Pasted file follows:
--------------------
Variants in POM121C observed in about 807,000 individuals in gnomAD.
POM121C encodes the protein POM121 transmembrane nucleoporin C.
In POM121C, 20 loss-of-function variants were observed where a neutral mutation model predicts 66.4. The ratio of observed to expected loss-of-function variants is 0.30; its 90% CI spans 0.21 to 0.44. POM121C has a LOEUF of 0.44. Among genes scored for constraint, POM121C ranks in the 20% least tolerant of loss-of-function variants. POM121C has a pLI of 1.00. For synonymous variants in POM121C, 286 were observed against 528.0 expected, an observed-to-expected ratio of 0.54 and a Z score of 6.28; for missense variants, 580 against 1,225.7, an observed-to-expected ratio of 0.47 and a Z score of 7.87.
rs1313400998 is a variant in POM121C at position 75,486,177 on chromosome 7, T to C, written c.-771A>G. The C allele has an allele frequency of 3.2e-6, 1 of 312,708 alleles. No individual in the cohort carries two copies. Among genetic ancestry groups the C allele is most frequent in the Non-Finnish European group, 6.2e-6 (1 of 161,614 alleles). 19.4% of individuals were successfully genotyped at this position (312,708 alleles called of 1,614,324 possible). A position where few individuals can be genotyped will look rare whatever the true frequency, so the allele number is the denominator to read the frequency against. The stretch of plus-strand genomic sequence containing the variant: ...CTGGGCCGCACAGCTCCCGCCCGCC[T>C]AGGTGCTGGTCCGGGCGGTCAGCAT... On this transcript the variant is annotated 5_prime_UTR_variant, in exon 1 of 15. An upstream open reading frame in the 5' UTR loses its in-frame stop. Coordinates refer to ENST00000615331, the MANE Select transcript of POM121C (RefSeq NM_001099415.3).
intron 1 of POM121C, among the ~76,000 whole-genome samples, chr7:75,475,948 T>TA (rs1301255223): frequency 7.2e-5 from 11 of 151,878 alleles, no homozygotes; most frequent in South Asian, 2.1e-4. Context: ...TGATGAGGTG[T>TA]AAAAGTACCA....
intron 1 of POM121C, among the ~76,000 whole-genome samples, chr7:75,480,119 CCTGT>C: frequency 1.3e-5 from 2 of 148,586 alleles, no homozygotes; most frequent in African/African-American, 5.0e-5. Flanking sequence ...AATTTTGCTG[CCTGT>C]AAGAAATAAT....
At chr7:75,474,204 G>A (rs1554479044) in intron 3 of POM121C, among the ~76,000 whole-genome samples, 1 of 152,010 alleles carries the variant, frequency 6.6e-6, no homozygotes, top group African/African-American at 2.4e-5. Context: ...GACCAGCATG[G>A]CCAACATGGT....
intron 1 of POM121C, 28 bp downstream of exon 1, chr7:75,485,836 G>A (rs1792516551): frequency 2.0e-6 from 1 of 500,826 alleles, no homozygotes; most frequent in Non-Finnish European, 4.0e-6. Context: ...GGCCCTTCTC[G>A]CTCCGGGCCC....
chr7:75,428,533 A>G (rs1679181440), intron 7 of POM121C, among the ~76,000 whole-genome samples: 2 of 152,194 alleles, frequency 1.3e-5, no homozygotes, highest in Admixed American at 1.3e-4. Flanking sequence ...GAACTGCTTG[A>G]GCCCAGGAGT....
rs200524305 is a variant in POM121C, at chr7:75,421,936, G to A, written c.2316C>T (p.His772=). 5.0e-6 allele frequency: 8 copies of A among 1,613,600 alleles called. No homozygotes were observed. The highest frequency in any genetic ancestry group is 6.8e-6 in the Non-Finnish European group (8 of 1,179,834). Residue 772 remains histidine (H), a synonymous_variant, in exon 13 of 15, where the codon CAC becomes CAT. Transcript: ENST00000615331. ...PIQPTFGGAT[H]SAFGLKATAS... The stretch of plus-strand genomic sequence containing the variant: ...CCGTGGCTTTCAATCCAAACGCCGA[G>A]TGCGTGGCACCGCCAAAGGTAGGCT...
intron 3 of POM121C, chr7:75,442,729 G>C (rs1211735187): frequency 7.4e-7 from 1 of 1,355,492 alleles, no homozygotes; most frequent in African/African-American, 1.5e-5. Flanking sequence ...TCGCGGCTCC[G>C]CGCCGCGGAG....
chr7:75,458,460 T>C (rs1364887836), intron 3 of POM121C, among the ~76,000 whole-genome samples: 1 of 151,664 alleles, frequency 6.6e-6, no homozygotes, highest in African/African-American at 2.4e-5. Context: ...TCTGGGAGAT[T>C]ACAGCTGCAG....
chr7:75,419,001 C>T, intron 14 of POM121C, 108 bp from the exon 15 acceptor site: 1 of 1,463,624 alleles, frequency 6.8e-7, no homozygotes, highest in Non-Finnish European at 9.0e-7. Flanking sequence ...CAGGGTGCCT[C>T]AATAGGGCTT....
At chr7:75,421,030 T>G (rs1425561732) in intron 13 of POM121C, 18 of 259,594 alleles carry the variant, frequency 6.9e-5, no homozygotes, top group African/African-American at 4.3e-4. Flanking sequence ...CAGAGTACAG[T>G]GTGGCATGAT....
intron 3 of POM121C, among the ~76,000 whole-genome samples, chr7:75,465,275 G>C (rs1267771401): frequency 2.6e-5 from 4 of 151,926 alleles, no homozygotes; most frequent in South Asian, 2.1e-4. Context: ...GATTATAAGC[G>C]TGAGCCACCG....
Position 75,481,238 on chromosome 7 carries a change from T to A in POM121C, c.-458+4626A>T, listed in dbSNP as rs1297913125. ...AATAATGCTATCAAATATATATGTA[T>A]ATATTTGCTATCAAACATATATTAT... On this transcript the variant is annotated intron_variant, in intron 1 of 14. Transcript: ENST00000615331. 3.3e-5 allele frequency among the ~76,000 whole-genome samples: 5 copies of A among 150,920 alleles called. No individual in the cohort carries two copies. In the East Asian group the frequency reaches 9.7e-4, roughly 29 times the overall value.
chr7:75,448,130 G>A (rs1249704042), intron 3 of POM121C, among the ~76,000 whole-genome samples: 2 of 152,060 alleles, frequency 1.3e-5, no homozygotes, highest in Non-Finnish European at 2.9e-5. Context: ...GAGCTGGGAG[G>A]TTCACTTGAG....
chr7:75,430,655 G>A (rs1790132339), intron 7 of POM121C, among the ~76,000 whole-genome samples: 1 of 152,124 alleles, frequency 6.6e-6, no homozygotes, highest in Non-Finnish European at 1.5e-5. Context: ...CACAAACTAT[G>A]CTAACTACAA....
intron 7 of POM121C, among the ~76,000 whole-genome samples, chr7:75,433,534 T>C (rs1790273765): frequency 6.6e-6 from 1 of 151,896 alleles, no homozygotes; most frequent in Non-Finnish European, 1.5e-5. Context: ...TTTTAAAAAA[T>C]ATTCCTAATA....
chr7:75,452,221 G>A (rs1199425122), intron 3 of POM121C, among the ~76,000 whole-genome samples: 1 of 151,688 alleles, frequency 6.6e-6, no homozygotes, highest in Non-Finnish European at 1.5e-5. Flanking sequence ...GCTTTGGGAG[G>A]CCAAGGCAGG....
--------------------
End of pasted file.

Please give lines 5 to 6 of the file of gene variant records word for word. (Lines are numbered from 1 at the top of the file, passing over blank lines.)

intron 1 of POM121C, among the ~76,000 whole-genome samples, chr7:75,475,948 T>TA (rs1301255223): frequency 7.2e-5 from 11 of 151,878 alleles, no homozygotes; most frequent in South Asian, 2.1e-4. Context: ...TGATGAGGTG[T>TA]AAAAGTACCA....
intron 1 of POM121C, among the ~76,000 whole-genome samples, chr7:75,480,119 CCTGT>C: frequency 1.3e-5 from 2 of 148,586 alleles, no homozygotes; most frequent in African/African-American, 5.0e-5. Flanking sequence ...AATTTTGCTG[CCTGT>C]AAGAAATAAT....